Older children were also more likely to have difficulties with the British state and its bureaucracy. After war broke out between Britain and Germany in September 1939, all children over the age of sixteen were required to register with the police as “enemy aliens”. An example of a police stamp denoting this can be seen in Lilli Jacobson’s collection.30 Older children who lacked guardians also often had to find work once their organizational or temporary sponsors withdrew, as happened in Otto Lichtenstein’s case. The work many Kinder had to undertake – in farms, cafés, and in the garment trade, for example – was for some, like Lichtenstein and Grünwald, who came from middle-class backgrounds, a stark contrast with their previously more affluent lives. As Grünwald recorded in her diary, the work she had by necessity to do in Britain represented a marked departure from the life she had been used to in Germany, and she found this immensely difficult.31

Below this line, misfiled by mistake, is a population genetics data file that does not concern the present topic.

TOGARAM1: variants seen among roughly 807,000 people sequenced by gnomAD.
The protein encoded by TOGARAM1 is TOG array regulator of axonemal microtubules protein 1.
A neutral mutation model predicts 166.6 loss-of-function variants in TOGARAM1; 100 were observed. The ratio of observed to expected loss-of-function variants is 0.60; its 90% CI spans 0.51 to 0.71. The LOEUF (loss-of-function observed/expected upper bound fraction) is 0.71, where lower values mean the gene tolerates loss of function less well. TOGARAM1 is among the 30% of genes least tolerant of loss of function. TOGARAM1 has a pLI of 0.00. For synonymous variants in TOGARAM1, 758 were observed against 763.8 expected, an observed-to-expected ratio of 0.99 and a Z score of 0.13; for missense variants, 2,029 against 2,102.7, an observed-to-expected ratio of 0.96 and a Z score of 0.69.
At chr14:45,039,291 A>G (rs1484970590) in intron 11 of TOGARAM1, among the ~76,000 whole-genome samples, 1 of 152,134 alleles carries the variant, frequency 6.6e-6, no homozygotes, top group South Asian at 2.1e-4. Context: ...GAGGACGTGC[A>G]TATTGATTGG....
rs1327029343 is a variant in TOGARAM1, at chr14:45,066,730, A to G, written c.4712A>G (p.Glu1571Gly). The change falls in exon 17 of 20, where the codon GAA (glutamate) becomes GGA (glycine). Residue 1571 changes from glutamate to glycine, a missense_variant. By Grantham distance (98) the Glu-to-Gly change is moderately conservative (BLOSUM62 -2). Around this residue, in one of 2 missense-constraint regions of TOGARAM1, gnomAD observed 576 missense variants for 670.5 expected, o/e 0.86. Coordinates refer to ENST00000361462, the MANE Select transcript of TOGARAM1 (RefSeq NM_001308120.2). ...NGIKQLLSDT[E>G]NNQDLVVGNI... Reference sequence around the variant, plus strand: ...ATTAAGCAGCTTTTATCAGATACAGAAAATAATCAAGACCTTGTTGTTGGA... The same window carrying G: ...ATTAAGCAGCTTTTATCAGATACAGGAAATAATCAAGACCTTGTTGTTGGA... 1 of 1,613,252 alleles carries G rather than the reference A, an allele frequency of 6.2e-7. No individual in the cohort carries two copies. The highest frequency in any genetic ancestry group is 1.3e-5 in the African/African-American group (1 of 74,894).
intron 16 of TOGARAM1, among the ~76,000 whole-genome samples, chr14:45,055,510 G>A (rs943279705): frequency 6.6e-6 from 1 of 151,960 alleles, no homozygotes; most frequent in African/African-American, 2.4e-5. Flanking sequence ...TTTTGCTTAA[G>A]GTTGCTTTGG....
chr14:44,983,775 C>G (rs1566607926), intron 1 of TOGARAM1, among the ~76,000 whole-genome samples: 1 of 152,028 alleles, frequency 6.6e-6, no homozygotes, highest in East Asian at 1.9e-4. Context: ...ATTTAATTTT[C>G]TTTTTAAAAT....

As Otto Lichtenstein’s experience indicates, Kinder were dispersed widely throughout Britain, including to Northern Ireland, Wales, and Scotland. Ruth Peschel, who had travelled from Breslau, arrived in Harwich on 21 June 1939. She was then sent to Haddington, in East Lothian, where she was registered by police on 16 July 1939.32 Peschel and Arno Jacobius, both aged fifteen when they came to Britain, were both housed at Whittinghame Farm, a Zionist farm school in Scotland set up to house Jewish refugee children and prepare them for emigration to Palestine.33 Neither file contains letters or recollections of their time there, although Jacobius held onto mementos such as a copy of the school song.34 Jacobius had been involved in the Zionist Youth movement before coming to Britain and was in touch with close friends from Germany already in Palestine. The letters from them suggest that he was happy at Whittinghame and looked forward to a future life in Palestine (although he did not in the end migrate there).35